| 188 cm / 86 kg|
| Brent 'Tiger' Tasman Crosswell|
(1950-08-08) 8 August 1950 (age 65)
Australian Rules Footballer
Scotch College, Melbourne
Brent Crosswell Wikipedia
Brent Tasman Crosswell (born 8 August 1950 in Launceston, Tasmania) is a former Australian rules footballer who represented Carlton, North Melbourne and Melbourne in the Victorian Football League (VFL) during the 1960s, 1970s and 1980s. A charismatic and versatile player, Crosswell is part of a select group of VFL/AFL footballers to have won premierships with two clubs.
The son of Darrell and Ruby Crosswell (née Parsons), and cousin of Craig Davis, Crosswell was educated at Scotch College in Launceston, where he excelled both as a footballer and a high-jumper.
Recruited from Northern Tasmanian club Campbell Town, Crosswell made his VFL debut in 1968 for Carlton. A solid debut season earned him Carlton's 'best first year player' award. They won the 1968 Grand Final by three points. Crosswell was one of Carlton's best players in the famous 1970 Grand Final victory over Collingwood, and fittingly it was he who kicked the goal that put Carlton in front deep into the final quarter. He missed the 1972 premiership through illness.
In 1975 he left Carlton and went to North Melbourne and play a crucial role during the club's golden period, adding two more premierships to his resume. Crosswell's finals form cannot be faulted and he featured in the best players list in all his Grand Finals appearances, except in 1976 when he injured himself against Geelong in muddy conditions the previous week. Not be discounted, the selection committee at the club selected Crosswell in the 1976 Grand Final side and gave North Melbourne a needed boost, but this was only temporary as his endurance was waning and the injury prevented him to give 100% that he wanted to show. When Barassi decided to leave North Melbourne, Crosswell moved to his third club, Melbourne, in 1980 and spent his final three seasons of football there, to end a career with one of the most Grand Final appearances by a player at the time: nine VFL Grand Finals.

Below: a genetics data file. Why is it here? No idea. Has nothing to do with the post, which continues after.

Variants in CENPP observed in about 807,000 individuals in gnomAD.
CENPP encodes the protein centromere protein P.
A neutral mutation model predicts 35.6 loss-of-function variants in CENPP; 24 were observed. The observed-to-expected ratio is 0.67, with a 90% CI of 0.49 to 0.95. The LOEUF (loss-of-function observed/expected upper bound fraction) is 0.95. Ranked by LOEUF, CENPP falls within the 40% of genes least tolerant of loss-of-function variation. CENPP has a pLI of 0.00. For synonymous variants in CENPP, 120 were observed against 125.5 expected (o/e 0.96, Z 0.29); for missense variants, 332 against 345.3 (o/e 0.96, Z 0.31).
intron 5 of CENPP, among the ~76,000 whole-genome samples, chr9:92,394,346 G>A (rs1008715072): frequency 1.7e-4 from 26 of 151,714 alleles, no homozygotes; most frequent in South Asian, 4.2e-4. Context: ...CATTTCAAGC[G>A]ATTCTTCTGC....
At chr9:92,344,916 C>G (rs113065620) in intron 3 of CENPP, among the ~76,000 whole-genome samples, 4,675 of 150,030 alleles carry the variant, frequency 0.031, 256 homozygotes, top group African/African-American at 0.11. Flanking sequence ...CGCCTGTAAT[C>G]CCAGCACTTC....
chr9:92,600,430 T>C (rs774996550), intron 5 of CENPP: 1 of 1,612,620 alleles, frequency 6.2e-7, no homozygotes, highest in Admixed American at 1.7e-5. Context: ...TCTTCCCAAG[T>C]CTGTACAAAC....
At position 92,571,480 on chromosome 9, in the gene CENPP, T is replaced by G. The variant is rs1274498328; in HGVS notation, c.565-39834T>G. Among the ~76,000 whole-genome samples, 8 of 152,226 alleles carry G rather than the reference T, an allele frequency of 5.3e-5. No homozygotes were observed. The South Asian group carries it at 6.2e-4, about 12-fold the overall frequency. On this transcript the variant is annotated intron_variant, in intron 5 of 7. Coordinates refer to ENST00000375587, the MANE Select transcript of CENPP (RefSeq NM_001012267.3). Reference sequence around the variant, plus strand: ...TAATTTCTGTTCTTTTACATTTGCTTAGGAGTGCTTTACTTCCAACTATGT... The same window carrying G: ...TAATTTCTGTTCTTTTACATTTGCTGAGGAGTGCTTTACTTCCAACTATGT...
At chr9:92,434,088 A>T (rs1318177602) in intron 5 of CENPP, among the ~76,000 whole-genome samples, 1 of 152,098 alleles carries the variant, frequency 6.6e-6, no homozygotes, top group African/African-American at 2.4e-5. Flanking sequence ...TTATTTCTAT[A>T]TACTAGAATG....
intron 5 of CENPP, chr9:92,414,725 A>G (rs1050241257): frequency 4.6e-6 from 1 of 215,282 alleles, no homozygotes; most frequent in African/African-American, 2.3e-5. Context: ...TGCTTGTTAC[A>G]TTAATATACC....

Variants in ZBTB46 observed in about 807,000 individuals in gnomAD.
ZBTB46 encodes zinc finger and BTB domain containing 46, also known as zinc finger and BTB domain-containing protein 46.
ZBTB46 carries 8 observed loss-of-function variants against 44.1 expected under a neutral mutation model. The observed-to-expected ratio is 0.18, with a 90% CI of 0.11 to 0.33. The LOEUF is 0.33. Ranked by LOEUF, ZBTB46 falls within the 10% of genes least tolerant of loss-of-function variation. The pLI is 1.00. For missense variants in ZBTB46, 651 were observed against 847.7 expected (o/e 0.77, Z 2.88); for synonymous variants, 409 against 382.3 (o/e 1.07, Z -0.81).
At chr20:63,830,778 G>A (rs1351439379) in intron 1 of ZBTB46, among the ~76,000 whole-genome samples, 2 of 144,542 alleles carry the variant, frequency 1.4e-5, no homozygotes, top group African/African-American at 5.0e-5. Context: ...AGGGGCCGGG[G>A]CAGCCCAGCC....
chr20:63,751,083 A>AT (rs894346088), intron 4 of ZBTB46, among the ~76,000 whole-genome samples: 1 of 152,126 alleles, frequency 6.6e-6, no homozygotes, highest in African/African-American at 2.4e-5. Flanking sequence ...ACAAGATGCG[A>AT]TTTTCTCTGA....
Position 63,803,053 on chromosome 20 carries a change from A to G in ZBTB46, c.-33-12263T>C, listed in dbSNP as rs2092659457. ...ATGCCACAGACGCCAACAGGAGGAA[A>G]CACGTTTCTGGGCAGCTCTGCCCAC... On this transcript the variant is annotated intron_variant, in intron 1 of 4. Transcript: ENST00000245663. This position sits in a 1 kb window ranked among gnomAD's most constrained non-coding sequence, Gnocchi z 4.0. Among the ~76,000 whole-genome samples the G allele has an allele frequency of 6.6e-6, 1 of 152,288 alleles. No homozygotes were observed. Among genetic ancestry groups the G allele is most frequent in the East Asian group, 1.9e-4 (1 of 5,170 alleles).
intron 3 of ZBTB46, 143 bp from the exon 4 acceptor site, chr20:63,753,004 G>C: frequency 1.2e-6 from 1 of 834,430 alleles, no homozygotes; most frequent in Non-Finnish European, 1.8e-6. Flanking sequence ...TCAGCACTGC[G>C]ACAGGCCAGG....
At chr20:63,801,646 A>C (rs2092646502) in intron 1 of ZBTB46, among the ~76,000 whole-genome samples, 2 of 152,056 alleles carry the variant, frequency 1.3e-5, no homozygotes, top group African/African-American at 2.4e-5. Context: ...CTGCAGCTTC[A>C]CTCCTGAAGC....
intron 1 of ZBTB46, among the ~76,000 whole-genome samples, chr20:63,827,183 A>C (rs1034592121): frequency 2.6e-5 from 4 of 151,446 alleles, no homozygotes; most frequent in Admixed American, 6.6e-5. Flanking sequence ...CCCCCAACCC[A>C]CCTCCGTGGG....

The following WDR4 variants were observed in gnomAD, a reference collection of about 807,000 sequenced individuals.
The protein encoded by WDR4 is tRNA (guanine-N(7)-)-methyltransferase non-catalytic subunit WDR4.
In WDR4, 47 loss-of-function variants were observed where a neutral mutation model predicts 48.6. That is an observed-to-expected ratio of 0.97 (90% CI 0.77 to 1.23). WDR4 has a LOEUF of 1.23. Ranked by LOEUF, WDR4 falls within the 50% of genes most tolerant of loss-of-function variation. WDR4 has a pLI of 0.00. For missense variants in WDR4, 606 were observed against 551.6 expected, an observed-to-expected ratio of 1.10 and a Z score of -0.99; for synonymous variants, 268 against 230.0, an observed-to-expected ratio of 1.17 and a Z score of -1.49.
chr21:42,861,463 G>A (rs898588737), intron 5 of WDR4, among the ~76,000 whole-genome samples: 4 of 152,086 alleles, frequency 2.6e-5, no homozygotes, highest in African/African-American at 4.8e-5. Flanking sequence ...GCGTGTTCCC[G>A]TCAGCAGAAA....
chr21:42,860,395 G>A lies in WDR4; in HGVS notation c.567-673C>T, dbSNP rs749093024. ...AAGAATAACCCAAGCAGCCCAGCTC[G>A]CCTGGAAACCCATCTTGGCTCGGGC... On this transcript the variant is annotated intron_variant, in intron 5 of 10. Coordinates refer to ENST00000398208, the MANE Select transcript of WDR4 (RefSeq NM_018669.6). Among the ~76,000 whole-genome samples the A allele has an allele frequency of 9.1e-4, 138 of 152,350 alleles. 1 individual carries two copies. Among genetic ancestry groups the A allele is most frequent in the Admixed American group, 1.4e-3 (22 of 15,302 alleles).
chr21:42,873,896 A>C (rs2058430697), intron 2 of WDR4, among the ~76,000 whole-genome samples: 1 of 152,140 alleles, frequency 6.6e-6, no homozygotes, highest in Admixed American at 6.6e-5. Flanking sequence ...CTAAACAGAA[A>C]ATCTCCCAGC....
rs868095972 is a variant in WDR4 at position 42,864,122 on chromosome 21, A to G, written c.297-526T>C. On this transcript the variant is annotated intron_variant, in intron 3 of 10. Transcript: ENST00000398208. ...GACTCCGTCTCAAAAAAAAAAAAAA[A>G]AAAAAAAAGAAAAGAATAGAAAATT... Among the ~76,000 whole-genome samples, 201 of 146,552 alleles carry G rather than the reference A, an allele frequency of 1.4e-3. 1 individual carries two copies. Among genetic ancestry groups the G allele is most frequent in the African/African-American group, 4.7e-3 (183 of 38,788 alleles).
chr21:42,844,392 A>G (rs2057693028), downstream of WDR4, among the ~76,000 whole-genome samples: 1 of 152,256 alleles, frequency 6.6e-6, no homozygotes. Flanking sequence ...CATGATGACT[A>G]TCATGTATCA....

Croswell is said to be the inspiration for Tasmanian footballer Geoff Hayward in David Williamson's 1977 play The Club.
Croswell studied an arts degree at Monash University, a period when he spoke out against the Vietnam War, marched in the Moratorium marches. He also advocated strike action to address the exploitative pay conditions of professional football players.
Since the end of his career, Crosswell has suffered from Meniere's disease. His football achievements received formal recognition when he was one of the inaugural inductees into the Tasmanian Football Hall of Fame in 2005. In July 2012, he was upgraded to Icon status.